Readings for Today
Have you ever heard the expression, with friends like that who needs enemies? Maybe you’ve even had a time where someone who was a friend of yours, challenged you with something that was very difficult to hear. Today’s gospel is a little bit like that. There is no greater gift received from the Lord Jesus than the gift of his Word and his presence. But sometimes believing the Word and acknowledging his presence, trying to be attentive to his will and the work that he calls us to do, can lead to very negative consequences at least in this world.
“I gave them your word, and the world hated them.” It can be hard to imagine sometimes in our lives, with the God who loves us more than we can believe, being faithful to this God could have such tremendous consequences that someone could be hated for believing and knowing the Word. And yet today we see this all around us. Think of the Christians today in the Middle East, who are being persecuted simply for being Christian. It seems this is exactly what Jesus means when he says the world will hate us if we believe and proclaim the word of God.
And yet such is what happens, isn’t it? The Middle East is the most dramatic example. Not only are Christians being killed an unprecedented numbers, perhaps higher than in all of Christian history, but much of the world seems silent about their plight. We do not hear much about from the leaders of the world, even our own president, saying much about the tremendous suffering and death of those being killed for their faith. And so, it is not simply that they are being hated for the word that they believe in, but their martyrdom is being committed and the response is silence.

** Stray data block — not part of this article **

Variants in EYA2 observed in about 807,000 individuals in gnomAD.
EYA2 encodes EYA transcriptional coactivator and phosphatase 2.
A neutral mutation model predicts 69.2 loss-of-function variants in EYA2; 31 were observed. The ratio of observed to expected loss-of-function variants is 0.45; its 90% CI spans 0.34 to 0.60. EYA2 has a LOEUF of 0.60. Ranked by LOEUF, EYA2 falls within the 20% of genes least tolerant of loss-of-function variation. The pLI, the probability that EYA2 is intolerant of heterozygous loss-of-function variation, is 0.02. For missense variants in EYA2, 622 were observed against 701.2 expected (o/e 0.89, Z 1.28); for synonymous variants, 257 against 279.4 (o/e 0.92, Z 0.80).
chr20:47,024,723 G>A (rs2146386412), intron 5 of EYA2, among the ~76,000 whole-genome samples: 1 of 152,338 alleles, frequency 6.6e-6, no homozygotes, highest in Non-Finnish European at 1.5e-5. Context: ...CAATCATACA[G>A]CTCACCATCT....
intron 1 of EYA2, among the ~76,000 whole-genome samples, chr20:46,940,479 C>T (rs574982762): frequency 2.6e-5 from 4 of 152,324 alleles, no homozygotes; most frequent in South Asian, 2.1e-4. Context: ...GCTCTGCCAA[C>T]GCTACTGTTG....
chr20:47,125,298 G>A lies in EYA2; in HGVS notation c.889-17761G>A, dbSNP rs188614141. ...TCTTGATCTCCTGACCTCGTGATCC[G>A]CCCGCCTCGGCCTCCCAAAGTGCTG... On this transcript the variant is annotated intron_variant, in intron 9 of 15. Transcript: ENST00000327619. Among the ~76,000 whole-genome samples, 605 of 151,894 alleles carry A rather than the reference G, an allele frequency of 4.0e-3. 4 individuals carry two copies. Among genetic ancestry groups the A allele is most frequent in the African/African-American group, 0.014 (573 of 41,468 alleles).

And even in less dramatic circumstances, even in our own lives, we can be afraid to share what we really believe, because of the consequences of those who might hear what it is we have to say. It is not an easy time to be a person of faith. In some ways, this is a good thing. Now, don’t misunderstand me, I am not suggesting that we should go seeking martyrdom, but what I am suggesting is that when our faith leads to our being persecuted, often it is in those instances, and especially those instances, where our faith become strong.
“Your word is truth.” We are sent into the world, to imitate the person of Jesus, who made the ultimate sacrifice which led to our salvation. By giving up his life on the cross, he who was completely innocent, we, though sinful, have the hope of salvation, when we can open our hearts our lives our souls to this loving presence of God.
And so today, if you experience difficulty, or sadness, or hateful remarks, remember this: Jesus sends us into this world. And we imitate Jesus, by being consecrated to the truth just as he was. We too will have a share in the life-giving outpouring of his love, which we can share with those who most desperately need to hear it.